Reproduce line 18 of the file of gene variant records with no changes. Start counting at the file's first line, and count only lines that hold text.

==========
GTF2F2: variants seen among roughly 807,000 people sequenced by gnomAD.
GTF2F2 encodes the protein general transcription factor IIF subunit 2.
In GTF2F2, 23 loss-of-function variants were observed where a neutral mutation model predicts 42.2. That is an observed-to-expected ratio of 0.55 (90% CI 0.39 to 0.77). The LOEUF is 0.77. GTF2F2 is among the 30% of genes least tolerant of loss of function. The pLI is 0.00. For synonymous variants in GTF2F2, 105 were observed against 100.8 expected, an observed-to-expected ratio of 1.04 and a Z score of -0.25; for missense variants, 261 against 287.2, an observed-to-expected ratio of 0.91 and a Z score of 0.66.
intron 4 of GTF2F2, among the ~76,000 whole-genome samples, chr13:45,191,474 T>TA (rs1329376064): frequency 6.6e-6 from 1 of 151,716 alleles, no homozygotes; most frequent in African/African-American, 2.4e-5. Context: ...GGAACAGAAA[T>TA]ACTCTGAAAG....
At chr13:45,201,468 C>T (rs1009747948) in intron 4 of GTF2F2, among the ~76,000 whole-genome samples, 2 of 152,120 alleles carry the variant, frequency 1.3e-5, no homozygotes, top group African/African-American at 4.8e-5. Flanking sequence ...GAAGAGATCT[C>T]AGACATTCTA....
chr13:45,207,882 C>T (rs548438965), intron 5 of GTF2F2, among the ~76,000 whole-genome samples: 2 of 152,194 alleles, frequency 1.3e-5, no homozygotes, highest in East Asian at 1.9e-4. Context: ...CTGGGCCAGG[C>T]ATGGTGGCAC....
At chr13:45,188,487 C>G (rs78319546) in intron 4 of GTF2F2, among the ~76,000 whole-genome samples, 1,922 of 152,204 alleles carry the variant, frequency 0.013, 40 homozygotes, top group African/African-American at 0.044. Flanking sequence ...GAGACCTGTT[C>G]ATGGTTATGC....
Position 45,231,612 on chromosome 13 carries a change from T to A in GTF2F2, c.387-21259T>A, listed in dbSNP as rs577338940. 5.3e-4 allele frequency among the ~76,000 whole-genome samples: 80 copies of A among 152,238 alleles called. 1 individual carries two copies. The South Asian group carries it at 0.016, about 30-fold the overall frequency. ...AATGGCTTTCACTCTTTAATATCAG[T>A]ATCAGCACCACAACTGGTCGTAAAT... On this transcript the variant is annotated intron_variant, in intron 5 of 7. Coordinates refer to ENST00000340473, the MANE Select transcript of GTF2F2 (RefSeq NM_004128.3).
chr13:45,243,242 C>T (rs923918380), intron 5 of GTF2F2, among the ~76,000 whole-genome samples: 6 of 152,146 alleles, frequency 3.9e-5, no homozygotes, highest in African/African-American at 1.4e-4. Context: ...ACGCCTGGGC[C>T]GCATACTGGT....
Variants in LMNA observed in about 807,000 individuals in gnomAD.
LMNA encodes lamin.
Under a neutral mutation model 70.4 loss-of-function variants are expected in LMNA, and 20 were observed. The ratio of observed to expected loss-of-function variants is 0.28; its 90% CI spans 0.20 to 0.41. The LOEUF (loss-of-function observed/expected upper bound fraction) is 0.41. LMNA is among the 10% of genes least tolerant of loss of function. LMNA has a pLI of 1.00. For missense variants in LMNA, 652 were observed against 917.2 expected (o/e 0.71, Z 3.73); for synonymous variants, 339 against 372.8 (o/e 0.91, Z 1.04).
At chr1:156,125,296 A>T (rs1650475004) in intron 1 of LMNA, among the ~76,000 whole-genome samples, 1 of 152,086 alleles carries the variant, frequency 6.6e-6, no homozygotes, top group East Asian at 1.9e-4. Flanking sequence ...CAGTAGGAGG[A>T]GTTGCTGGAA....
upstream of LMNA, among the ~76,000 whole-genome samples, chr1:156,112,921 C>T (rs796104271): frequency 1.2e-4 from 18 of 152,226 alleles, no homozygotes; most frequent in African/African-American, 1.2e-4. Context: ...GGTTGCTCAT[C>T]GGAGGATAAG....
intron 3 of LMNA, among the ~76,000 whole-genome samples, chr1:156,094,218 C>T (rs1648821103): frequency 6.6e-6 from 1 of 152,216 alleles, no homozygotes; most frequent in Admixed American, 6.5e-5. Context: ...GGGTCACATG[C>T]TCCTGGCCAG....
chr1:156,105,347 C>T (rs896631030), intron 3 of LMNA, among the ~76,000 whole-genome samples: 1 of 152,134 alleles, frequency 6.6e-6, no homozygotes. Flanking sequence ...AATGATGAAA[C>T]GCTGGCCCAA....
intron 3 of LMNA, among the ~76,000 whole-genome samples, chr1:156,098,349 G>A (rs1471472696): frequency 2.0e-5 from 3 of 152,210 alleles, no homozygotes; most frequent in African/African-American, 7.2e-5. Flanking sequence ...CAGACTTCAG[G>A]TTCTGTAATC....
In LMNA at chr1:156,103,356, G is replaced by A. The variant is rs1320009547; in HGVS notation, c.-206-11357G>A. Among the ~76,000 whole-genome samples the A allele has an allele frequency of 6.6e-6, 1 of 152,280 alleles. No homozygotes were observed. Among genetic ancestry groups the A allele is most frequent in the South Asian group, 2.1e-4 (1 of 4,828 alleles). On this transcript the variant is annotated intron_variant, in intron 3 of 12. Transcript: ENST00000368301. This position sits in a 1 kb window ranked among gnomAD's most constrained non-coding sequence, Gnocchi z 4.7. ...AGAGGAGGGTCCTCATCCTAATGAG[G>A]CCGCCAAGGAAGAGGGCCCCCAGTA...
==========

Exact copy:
In LMNA at chr1:156,103,356, G is replaced by A. The variant is rs1320009547; in HGVS notation, c.-206-11357G>A. Among the ~76,000 whole-genome samples the A allele has an allele frequency of 6.6e-6, 1 of 152,280 alleles. No homozygotes were observed. Among genetic ancestry groups the A allele is most frequent in the South Asian group, 2.1e-4 (1 of 4,828 alleles). On this transcript the variant is annotated intron_variant, in intron 3 of 12. Transcript: ENST00000368301. This position sits in a 1 kb window ranked among gnomAD's most constrained non-coding sequence, Gnocchi z 4.7. ...AGAGGAGGGTCCTCATCCTAATGAG[G>A]CCGCCAAGGAAGAGGGCCCCCAGTA...